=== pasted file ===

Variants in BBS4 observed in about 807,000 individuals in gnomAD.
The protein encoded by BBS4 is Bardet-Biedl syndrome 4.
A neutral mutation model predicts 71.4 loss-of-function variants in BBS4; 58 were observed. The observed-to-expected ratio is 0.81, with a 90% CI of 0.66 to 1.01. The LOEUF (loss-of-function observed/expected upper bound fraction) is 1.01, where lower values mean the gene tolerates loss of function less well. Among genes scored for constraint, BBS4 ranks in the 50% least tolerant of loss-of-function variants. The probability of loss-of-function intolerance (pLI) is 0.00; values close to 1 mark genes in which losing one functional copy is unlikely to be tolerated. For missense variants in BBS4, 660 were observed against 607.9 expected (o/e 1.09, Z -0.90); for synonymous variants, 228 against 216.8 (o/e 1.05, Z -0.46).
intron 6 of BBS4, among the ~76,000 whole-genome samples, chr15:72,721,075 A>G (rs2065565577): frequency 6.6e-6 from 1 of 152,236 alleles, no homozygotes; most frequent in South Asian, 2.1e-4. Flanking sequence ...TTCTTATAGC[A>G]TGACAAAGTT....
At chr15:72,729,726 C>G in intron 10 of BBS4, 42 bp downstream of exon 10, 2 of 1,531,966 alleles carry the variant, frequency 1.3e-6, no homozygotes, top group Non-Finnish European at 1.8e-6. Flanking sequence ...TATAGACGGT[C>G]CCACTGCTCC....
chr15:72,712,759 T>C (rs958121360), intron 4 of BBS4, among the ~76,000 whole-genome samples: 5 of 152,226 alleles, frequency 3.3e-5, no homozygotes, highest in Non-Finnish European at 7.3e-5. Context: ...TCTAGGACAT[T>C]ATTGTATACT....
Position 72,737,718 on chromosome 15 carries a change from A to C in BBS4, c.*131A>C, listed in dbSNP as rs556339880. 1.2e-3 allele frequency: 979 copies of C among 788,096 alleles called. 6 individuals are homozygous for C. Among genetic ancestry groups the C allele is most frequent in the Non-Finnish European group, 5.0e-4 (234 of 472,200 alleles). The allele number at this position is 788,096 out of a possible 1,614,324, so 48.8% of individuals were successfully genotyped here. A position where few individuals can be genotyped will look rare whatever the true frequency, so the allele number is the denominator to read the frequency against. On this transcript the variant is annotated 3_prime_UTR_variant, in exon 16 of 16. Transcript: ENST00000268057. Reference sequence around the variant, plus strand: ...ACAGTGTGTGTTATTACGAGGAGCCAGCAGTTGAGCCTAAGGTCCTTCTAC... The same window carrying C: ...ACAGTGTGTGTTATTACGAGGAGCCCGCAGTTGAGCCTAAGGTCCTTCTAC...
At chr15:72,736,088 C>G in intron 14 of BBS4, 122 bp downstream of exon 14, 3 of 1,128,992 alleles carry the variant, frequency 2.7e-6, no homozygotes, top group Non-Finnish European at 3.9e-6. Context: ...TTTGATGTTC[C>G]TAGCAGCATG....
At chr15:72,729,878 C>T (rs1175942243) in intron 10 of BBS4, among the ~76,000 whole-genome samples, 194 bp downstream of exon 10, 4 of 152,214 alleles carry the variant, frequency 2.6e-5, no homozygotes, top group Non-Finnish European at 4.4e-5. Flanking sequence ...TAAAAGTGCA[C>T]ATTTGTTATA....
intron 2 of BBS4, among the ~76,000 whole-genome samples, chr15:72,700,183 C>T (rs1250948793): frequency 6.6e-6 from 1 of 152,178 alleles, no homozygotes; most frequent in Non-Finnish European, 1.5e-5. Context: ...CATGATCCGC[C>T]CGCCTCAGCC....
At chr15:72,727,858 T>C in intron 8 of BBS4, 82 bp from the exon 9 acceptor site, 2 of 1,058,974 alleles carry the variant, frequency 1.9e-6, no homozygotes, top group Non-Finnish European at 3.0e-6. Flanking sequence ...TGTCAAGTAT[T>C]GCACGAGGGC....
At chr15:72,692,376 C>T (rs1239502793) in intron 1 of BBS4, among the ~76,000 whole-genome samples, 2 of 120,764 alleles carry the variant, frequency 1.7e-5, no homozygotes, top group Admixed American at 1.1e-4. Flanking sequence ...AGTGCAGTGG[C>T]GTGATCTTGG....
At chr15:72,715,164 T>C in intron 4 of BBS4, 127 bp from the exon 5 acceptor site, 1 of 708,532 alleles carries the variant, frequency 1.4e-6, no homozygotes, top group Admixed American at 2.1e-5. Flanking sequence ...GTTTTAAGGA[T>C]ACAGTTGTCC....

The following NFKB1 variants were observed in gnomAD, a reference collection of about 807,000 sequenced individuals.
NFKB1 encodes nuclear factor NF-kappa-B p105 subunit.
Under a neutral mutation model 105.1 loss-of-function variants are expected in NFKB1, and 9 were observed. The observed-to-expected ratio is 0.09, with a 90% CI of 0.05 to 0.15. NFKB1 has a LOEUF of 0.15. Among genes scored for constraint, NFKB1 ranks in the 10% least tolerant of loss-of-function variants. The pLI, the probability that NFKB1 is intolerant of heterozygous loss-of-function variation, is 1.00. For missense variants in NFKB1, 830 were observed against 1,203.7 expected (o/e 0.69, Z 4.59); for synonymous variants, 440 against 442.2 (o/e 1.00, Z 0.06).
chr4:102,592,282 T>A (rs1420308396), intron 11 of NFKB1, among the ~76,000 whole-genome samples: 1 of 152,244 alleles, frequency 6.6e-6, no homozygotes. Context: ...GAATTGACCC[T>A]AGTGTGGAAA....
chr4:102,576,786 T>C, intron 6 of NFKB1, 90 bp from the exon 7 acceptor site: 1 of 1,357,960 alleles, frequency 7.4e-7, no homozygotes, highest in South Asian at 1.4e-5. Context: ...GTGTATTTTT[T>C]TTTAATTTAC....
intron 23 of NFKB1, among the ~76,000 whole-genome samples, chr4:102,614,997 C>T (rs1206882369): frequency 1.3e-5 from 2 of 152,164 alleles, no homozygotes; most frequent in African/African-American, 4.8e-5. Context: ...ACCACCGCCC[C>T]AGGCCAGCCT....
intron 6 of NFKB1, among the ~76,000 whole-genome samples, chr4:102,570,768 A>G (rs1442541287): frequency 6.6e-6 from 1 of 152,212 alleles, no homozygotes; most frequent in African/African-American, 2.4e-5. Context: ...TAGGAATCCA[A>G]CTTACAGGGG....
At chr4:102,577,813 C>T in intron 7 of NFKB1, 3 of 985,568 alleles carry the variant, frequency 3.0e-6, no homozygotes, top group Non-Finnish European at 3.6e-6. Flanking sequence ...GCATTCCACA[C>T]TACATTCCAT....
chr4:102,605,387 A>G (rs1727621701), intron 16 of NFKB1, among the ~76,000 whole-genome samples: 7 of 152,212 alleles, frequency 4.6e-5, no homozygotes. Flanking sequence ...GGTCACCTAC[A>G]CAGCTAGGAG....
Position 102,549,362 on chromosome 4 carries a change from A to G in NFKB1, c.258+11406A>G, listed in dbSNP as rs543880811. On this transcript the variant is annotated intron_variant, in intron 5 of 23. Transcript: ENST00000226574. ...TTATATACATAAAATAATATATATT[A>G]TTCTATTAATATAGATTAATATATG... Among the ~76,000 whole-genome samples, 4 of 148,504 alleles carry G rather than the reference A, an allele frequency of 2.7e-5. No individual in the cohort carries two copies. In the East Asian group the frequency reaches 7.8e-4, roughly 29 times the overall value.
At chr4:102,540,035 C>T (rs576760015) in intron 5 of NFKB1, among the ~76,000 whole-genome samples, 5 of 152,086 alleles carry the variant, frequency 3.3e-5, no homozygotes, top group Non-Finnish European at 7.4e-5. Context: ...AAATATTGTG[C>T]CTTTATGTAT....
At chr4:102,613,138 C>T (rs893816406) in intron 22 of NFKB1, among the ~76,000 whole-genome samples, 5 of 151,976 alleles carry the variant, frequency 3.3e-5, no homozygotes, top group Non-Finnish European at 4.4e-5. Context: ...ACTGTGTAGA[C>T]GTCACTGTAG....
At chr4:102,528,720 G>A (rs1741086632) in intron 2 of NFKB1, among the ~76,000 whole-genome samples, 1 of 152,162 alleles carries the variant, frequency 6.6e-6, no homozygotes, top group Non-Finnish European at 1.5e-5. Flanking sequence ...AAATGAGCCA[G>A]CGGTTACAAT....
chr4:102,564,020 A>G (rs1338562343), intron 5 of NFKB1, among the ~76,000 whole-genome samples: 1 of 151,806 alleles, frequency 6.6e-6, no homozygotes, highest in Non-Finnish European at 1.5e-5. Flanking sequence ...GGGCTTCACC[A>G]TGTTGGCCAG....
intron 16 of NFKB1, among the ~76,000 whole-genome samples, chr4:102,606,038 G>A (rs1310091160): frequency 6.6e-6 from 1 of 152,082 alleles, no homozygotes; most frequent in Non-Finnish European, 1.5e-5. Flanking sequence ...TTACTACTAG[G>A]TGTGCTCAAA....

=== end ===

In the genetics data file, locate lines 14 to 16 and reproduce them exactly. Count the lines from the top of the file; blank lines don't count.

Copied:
The following NFKB1 variants were observed in gnomAD, a reference collection of about 807,000 sequenced individuals.
NFKB1 encodes nuclear factor NF-kappa-B p105 subunit.
Under a neutral mutation model 105.1 loss-of-function variants are expected in NFKB1, and 9 were observed. The observed-to-expected ratio is 0.09, with a 90% CI of 0.05 to 0.15. NFKB1 has a LOEUF of 0.15. Among genes scored for constraint, NFKB1 ranks in the 10% least tolerant of loss-of-function variants. The pLI, the probability that NFKB1 is intolerant of heterozygous loss-of-function variation, is 1.00. For missense variants in NFKB1, 830 were observed against 1,203.7 expected (o/e 0.69, Z 4.59); for synonymous variants, 440 against 442.2 (o/e 1.00, Z 0.06).